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August 1, 2015 / 16 Av, 5775
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Old Cemetery In Lodz Exposed



         It is said that Poland is one large Jewish cemetery. While that is not 100 percent true, anytime people dig in Poland, they have to be careful of what they might find.

 

         Last week the city of Lodz was working on the trolley line, that runs near the known boundaries of the old Jewish cemetery, when the workers came across bones. To their credit, the work was immediately stopped and the police came and told Simchah Keller, head of the local Jewish community, about the situation.

 

         Since it was the end of the day and dark, it was decided that further investigation would have to wait until morning. In the meantime, Mr. Keller contacted Chief Rabbi of Poland, Rabbi Michael Schudrich, who happened to be in London at the time. There, Rabbi Schudrich consulted with Rabbi Elyakim Schlesinger, an expert on halachot regarding cemeteries.

 

         In the morning I went to the site with Mr. Keller and found a large-scale ditch, about three-and-a-half feet deep, in the ground. After checking with a local expert on the cemetery, as well as old maps, it was confirmed that the ditch indeed passed right through the edge of the cemetery.

 

         The cemetery, which was in use between 1811 and 1892, had survived the Nazi invasion of Poland, and the Shoah, only to be destroyed by the communists in 1949. It was during the time of reconstruction, after the war, that the communist authorities decided that the property was too valuable, and built housing and a major road over the cemetery.

 

 


Rabbi Ephraim Moshe Maisels, giving his morning Torah class after shachrit.

 

 

         Today the Jewish community fights hard to ensure that there is no further construction (desecration) on the site. The question now remains of what exactly can be done. Rabbi Michael Schudrich arrived directly from London before Shabbat to examine the situation for himself. He met with town engineers, as well as the local community. Mayor Jerzy Kropiwnicki assured Rabbi Schudrich that no more work would be done on the site until a solution, agreed upon by all parties, can be found.

 

         Aryeh Klein, an engineering expert from Israel, will visit the site later on this week. He has experience working on several cemeteries in the past, and will report back to the Rabbinic Commission of Cemeteries in Poland, on what can be actually be done in this situation.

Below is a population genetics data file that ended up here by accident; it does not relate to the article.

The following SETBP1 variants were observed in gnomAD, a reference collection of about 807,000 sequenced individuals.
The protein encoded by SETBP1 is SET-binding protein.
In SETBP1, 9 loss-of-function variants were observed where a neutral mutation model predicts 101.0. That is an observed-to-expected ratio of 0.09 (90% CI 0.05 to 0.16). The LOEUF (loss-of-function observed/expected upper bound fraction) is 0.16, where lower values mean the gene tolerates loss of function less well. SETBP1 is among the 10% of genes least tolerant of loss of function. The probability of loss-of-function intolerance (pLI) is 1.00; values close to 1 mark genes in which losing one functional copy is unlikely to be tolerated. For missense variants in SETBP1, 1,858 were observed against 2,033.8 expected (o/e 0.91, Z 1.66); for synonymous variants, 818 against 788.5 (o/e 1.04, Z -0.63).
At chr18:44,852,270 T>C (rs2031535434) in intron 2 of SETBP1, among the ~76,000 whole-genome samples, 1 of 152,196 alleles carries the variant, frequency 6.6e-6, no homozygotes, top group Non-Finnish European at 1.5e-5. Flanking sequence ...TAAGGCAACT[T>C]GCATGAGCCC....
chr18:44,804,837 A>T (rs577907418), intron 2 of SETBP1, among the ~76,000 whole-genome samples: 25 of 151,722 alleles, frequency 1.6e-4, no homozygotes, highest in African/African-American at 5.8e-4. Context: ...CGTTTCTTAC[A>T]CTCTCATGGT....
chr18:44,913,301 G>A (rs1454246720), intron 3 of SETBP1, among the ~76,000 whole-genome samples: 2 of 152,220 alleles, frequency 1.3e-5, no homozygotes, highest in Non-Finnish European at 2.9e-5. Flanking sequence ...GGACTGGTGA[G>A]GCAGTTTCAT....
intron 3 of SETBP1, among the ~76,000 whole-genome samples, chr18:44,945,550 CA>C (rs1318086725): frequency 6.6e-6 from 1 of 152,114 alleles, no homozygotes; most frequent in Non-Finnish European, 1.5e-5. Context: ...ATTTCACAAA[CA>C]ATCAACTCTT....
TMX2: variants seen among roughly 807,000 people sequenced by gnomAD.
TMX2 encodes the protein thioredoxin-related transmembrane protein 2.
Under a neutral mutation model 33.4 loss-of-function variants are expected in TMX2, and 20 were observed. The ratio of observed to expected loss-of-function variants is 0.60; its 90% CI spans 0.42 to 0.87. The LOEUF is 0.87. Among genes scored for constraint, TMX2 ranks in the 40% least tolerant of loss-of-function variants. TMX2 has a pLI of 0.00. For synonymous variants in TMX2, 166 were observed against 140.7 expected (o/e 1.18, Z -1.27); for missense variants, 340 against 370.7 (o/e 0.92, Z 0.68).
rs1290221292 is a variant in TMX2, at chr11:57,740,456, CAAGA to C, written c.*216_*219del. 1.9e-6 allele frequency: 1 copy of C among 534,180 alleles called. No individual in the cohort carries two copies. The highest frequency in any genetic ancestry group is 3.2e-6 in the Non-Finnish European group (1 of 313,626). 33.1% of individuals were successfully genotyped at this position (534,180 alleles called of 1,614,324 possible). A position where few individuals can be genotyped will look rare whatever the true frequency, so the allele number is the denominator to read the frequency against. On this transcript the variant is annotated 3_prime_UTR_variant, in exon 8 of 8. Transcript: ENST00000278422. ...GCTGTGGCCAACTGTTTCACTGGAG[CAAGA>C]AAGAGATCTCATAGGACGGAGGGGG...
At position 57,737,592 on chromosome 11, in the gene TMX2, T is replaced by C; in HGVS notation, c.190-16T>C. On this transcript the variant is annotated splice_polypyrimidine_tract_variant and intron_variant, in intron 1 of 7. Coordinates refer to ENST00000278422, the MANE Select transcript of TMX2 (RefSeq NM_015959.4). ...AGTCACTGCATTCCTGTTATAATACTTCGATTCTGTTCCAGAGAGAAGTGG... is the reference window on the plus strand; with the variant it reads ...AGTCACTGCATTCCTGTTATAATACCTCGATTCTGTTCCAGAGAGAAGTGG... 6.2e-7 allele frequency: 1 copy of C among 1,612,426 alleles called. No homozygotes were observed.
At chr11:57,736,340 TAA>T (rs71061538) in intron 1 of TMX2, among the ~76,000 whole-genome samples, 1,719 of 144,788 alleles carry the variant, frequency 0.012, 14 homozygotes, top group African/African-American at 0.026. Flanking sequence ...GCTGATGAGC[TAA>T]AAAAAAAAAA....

Rabbi Michael Schudrich, said in an interview with The Jewish Press, “We, the contemporary Jewish community are committed to fight for the preservation of Jewish cemeteries in our country. This incident reminds us of the desecration committed by both the Nazi and the Communist regimes, against the sanctity of both the living and the dead Jews of Poland.

 

         “It also shows us of how Poland has changed, how in a free democratic Poland, national and local authorities, work with us to preserve Jewish cemeteries and not desecrate them.”

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The official beginning of World War II was September 1, 1939. On that day German soldiers invaded Gdansk after bombarding the city with a military warship. As part of the Polish Government’s official series of events marking seven decades since the start of World War II, Poland’s Jewish community and the Jerusalem-based “Shavei Israel” organization held a special ceremony yesterday in the Gdansk synagogue to commemorate the outbreak of the war, which paved the way for the Holocaust.

September 1, 1939 is the date on which Germany invaded Poland, starting WWII. While it should be said that the start of the war was not the start of the Shoah, which actually began with the rise of Nazism in 1933, it was a major milestone in the annals of the Holocaust. Within the first few days of the war, Germany had conquered and/or bombed much of Poland, including the capital, Warsaw.

September 1, 1939 is the date on which Germany invaded Poland, starting WWII. While it should be said that the start of the war was not the start of the Shoah, which actually began with the rise of Nazism in 1933, it was a major milestone in the annals of the Holocaust. Within the first few days of the war, Germany had conquered and/or bombed much of Poland, including the capital, Warsaw.

In September 1939 the Germans started establishing ghettos in the occupied territory of Poland. Ghettos played an important role in the Jewish extermination policy. They were filled with Polish and Western European Jewish deportees. The ghettos differed in times of existence, size, internal organization, and living conditions. The Germans called them ” death boxes” (Todeskiste). The city of Lodz belonged to the Wartheland District and the Germans changed its name into Litzmannstadt.

Printed from: http://www.jewishpress.com/sections/travel/old-cemetery-in-lodz-exposed/2007/09/11/

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